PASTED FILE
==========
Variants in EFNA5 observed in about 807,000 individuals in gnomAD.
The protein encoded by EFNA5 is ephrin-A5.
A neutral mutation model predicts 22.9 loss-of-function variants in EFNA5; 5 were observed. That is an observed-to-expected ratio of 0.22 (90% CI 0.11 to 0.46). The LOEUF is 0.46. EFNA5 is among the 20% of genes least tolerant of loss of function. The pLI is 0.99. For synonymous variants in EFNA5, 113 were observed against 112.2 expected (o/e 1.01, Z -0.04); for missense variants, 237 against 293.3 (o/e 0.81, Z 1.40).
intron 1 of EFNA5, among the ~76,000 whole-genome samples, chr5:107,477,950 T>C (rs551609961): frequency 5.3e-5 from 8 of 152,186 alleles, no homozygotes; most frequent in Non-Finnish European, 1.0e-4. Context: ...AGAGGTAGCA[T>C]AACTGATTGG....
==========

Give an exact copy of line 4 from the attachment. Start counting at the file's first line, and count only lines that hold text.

intron 1 of EFNA5, among the ~76,000 whole-genome samples, chr5:107,477,950 T>C (rs551609961): frequency 5.3e-5 from 8 of 152,186 alleles, no homozygotes; most frequent in Non-Finnish European, 1.0e-4. Context: ...AGAGGTAGCA[T>C]AACTGATTGG....